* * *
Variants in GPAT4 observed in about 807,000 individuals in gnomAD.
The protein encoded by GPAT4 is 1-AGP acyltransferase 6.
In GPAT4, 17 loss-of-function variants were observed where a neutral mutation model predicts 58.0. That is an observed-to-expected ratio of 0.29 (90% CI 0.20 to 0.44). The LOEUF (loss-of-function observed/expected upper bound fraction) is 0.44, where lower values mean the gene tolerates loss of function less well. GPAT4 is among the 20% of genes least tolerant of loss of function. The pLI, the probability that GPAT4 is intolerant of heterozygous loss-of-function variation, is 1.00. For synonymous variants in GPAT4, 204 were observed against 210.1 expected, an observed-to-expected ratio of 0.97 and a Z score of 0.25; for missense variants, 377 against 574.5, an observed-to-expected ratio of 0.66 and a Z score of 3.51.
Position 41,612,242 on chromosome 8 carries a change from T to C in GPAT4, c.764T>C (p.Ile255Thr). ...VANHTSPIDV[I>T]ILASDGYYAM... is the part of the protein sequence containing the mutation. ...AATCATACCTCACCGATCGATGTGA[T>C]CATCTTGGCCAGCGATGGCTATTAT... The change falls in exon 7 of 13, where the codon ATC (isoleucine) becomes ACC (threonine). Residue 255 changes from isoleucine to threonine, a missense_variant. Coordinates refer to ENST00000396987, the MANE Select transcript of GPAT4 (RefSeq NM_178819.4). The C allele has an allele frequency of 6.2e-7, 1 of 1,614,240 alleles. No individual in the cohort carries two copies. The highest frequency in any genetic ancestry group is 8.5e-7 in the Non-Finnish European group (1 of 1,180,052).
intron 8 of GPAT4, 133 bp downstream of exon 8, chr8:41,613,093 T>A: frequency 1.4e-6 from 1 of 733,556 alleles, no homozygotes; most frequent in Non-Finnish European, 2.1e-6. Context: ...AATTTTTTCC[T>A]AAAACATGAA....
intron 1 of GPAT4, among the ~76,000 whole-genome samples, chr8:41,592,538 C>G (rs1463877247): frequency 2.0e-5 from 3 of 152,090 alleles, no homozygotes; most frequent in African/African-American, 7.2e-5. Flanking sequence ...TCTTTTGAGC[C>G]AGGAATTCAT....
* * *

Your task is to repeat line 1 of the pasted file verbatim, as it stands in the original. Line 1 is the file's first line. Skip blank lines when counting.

Variants in GPAT4 observed in about 807,000 individuals in gnomAD.